Sunday, August 31, 2014

Code optimization patterns - my quick notes

These patterns are based on what I read about here. I am still reproducing (dumping !) it here (with as high fidelity as I can manage), primarily because these patterns are what I do use in assorted situations and also that I want to keep in deep touch with all of them and keep applying them as much as I can. These are just my notes.

Some of these ideas are thrown up as directly conflicting with Object Orientation principles, by breaking encapsulation and trashing inheritance, in favor of composition. It really is a "black art" to know the appropriate situations where I need to apply them.

Here they are :

1/ Data locality -
a/ Converting a list of pointers to a list of offsets(4 byte integers) into contiguously allocated arrays. Iterating over an array of pointers is bad - it makes memory access to random locations - array of pointers "thrash the cache" (too bad, it rhymes !). Allocating array of objects in contiguous memory locations makes it likely that successive objects will be "found" in the cache.
b/ Hot-cold separation - Perhaps the object is large and the array of objects will not fit in the cache anyway. Perhaps for most iterations, only a few specific attributes of each object are processed. Splitting a larger object into smaller sets so that more frequently accessed parts are together. This might make the entire array of objects fit in the cache too.
c/ Reduced branch mis-prediction by
c1/ sorting a list of objects based on some criteria such that iteration only happens for a subset without enclosed 'if' condition
c2/ Creating separate lists of objects based on same criteria so that sorting an entire list is avoided
c3/ Just placing the iteration loop inside the 'if' condition, not other way - simple enough.
c4/ Not mixing different types of objects together in an array if they are to be iterated upon, even if they have same base class types and having separate arrays of each type.

2/ Dirty flag - I can think of it as the poor man's lazy evaluation. Basic dirty flagging is to have an additional boolean flag to tell if the object / cache is stale and requires refreshing. It helps avoid computation until it is required and only if it is required. Another flavor to the pattern is time-stamping or sequence numbering - We have a number or time-stamp that only increments without any danger of repeating and use it to mark the 'version' of the object. Whenever the sequence number is less than some other 'master', we update the cache.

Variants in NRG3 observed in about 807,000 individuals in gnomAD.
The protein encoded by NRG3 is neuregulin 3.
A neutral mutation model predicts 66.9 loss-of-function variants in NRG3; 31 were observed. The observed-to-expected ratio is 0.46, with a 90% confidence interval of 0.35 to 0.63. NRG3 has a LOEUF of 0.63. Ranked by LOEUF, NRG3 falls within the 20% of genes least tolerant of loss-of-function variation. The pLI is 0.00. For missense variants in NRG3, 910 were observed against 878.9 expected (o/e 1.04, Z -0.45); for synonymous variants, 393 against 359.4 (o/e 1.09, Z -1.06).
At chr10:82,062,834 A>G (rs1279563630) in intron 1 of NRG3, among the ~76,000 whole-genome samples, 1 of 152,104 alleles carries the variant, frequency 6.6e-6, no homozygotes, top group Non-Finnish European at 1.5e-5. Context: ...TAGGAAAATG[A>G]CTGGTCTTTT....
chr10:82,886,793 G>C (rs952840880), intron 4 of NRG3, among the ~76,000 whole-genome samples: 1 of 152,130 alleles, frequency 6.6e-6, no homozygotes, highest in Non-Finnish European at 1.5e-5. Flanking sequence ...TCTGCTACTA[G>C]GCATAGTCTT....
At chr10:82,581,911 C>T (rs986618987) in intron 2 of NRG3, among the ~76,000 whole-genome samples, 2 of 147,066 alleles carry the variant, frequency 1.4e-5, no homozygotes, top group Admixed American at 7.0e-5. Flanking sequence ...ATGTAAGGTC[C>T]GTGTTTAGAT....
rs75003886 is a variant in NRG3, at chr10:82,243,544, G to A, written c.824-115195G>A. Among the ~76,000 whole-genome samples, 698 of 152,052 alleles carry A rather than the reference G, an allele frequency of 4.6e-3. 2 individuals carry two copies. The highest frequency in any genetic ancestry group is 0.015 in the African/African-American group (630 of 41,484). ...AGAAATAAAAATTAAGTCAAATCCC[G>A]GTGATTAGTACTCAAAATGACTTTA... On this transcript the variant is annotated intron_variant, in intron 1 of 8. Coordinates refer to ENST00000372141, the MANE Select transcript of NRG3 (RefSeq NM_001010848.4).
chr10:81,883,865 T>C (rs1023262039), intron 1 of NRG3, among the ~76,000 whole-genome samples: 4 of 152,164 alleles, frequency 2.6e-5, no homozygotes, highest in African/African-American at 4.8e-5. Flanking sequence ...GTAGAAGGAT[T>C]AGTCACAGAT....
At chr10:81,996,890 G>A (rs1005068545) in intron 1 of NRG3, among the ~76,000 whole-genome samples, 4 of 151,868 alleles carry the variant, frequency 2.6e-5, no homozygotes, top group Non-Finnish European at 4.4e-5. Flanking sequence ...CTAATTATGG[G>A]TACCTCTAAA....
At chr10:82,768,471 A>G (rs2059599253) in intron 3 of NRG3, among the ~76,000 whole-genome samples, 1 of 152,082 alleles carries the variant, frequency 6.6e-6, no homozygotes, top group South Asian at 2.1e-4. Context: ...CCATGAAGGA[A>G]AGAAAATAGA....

3/ Object pooling - This is basically re-using allocations of some sort - either resources like database connections, threads or simple objects or even plain memory. We just want to avoid creating and destroying objects in memory when we know they really are required in future in some other contexts. There could be low and high watermarks set so that a minimum and a maximum limit on the number of objects in the pool is enforced, for not consuming too much memory and also being ready for multiple requests in burst. If we think of multi-threading scenarios, then each thread dynamically allocating memory from Operating systems is known to be slow, due to locking required for using the common heap. If each thread can use its own pool of memory, then no locking is required, re-use is achieved and thread-specific memory pool should not end up being fragmented.

4/ Spatial partitioning - Organize objects that are "close" to each other so that given an object, the "neighbors" can be efficiently located and processed. This is obviously helpful with real geometric spaces such as nearby particles being checked for collisions. However, the distance as a metric can be extended in other ways - Given a tree like structure, the distance between any two nodes may be expressed in terms of the number of common parents between them. This helps us partition the nodes better, so that queries like finding the number of child nodes for any given node may be made more efficient. This partitioning may be limited to nodes at same levels in the tree too. This pattern does present difficulties when the nodes can actually change distances to other nodes and we have to come up with efficient ways of updating the partitioning depending on the problem context.

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